On 10 February 2022, the Federal Government passed long-awaited legislation making permanent the (originally temporary) measures regarding electronic execution by an Australian company, being measures that were first introduced in response to the COVID-19 pandemic. 

Specifically, the Corporations Amendment (Meetings and Documents) Bill 2021 (Cth)(Bill) provides permanent reform under the Corporations Act 2001 (Cth) (Corporations Act) allowing companies to execute documents electronically, use technology to hold physical, hybrid and (potentially) wholly electronic meetings, and send company meeting-related documents, such as minute books and notices.  

These welcome changes, arguably bring Australia's Corporations Act into the 21st century and reflect the significant role that technology plays in modern society, enabling businesses to take advantage of the flexibility and efficiencies that technology offers. Notably, the Australian Treasury has reported that these changes will result in savings of approximately $450 million in unnecessary red tape costs per year.  The Bill is a victory for all players in the Australian corporate landscape, bringing significant advantages and an important degree of certainty for various stakeholders; including directors, company secretaries, law firms, accounting firms and business professionals as a whole.

Status and temporary measures

The Bill is currently awaiting assent, however companies can continue to rely on the current temporary measures when signing documents electronically until the Bill is enacted. You can refer to our earlier article here regarding the current temporary measures in place for companies. These temporary measures will remain in place until the end of March 2022 and we anticipate that the Bill will be enacted before this end date.

Permitting electronic measures

The Bill broadly implements the same changes that the temporary measures currently allow for. Specifically, Australian companies will be able to:

  • electronically execute company documents (including deeds) under section 127 of the Corporations Act;
  • execute company documents via split execution (i.e. with office holders signing separate (full) counterparts);
  • hold physical, hybrid, and (if expressly permitted by a company's constitution) wholly virtual meetings; and
  • send company documents, such as notices and minute books, in hard or soft copy.
  • The requirements surrounding electronic execution remain the same as set out in the temporary measures. In order to rely on a company's electronic execution, you still need to be satisfied that:
  • a method is used to identify the person and indicate their intention to sign the document;
  • the copy or counterpart includes the entire contents of the document; and
  • the method used was as reliable as appropriate for the purposes (or be proven in fact to have fulfilled that purpose).

Other welcome changes

The Bill also brings welcome relief for execution by companies with a sole director and no secretary, with section 127 being expanded so that the assumptions under section 129 can be relied upon where that sole director has executed. This closes what was a frustrating and often confusing gap under the former drafting of section 127 and its operation following the removal of company secretary as a mandatory role. Importantly, if a company has a sole director and a different company secretary, both will still need to sign to get the benefit of section 129 of the Corporations Act.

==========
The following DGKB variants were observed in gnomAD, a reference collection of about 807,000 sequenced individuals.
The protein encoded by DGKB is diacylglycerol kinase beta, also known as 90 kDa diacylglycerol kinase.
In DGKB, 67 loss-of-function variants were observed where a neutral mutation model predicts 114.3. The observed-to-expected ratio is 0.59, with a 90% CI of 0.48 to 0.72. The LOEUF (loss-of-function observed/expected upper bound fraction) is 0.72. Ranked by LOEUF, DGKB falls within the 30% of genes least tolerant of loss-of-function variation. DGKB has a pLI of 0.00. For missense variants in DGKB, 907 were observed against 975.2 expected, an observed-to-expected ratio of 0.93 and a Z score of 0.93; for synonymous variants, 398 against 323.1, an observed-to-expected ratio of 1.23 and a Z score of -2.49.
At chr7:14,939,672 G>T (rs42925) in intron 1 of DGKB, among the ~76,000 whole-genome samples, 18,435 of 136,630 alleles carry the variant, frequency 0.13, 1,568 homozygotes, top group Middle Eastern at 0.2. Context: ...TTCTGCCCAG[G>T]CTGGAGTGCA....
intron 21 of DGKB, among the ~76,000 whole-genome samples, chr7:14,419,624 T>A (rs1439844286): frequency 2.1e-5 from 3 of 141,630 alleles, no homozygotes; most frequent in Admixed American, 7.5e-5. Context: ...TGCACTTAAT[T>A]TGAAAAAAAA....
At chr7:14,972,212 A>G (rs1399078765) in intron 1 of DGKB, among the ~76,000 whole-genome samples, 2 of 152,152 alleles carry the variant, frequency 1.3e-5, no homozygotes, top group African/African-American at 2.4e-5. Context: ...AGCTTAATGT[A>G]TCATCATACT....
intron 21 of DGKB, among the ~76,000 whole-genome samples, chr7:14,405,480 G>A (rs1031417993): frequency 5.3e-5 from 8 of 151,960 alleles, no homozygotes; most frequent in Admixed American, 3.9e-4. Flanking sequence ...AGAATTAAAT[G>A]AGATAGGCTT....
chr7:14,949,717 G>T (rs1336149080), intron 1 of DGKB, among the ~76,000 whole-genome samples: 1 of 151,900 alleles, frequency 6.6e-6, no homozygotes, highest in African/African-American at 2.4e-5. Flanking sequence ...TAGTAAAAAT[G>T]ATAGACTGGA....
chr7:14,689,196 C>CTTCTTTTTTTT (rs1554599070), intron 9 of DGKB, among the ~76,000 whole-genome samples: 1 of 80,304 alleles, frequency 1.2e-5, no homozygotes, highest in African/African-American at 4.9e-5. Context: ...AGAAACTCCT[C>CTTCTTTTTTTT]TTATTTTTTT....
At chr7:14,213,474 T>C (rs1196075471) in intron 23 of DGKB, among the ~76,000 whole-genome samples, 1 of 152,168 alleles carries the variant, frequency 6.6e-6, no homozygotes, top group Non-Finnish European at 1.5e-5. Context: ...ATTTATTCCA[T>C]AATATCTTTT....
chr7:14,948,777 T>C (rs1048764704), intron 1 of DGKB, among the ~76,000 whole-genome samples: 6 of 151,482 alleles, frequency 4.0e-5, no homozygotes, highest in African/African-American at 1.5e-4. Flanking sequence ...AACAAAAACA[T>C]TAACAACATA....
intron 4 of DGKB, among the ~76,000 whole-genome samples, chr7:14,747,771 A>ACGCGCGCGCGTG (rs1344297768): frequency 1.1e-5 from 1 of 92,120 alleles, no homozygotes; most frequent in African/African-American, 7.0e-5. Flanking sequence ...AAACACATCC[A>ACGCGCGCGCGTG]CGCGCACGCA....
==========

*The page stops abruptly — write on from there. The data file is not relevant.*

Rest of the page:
The Bill also includes provisions prohibiting ASIC and the Registrar from refusing to receive or register a document on the basis it has not been signed where the document has been signed electronically (and certain criteria satisfied), but only where the document is prescribed by regulations (either specifically or as a class). The regulations and further ASIC guidance will be needed before these provisions (at Part 1.2AA) can be relied upon, and it is yet to be seen how these amendments will interplay with Chapter 2P of the Corporations Act, which governs how documents can be lodged with ASIC, regardless of whether they are signed in wet ink or electronically. As there are a number of ASIC documents which may only be lodged by post, it is hoped that these changes might permit those documents to be lodged by email or through ASIC's online services in the future - if executed electronically in accordance with the Bill.

A word of caution

Despite the Bill, care should still be taken when executing documents electronically.  Some of the key considerations include:

  • ensuring that all parties to the document, or seeking to rely on the document, understand and accept the electronic execution method proposed;
  • using a platform with inbuilt identification verification (there are many on the market today), rather than the insertion of a scanned signature or image, to minimise the risk of fraud and to ensure that it is 'as reliable as appropriate for the purposes'; and
  • checking any registry requirements where a document is required to be lodged, as many may have their own particular requirements.

The content of this article is intended to provide a general guide to the subject matter. Specialist advice should be sought about your specific circumstances.